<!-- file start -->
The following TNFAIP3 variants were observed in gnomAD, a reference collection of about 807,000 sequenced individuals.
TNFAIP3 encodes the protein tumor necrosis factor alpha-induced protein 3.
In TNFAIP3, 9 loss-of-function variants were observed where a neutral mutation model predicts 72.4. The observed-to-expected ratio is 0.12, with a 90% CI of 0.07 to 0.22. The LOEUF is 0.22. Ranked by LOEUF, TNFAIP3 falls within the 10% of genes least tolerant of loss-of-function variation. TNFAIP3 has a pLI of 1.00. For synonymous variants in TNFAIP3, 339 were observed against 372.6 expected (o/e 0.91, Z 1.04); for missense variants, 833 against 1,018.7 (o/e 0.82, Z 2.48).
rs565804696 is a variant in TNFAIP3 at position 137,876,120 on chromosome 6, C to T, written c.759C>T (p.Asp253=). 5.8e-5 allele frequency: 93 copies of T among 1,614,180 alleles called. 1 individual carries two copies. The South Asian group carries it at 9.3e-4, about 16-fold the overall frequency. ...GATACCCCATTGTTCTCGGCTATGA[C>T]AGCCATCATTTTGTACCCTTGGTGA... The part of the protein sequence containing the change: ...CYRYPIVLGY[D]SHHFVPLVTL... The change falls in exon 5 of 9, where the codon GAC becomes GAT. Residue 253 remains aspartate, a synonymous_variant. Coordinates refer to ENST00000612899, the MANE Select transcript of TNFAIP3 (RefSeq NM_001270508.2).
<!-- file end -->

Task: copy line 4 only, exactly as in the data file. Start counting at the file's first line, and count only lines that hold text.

rs565804696 is a variant in TNFAIP3 at position 137,876,120 on chromosome 6, C to T, written c.759C>T (p.Asp253=). 5.8e-5 allele frequency: 93 copies of T among 1,614,180 alleles called. 1 individual carries two copies. The South Asian group carries it at 9.3e-4, about 16-fold the overall frequency. ...GATACCCCATTGTTCTCGGCTATGA[C>T]AGCCATCATTTTGTACCCTTGGTGA... The part of the protein sequence containing the change: ...CYRYPIVLGY[D]SHHFVPLVTL... The change falls in exon 5 of 9, where the codon GAC becomes GAT. Residue 253 remains aspartate, a synonymous_variant. Coordinates refer to ENST00000612899, the MANE Select transcript of TNFAIP3 (RefSeq NM_001270508.2).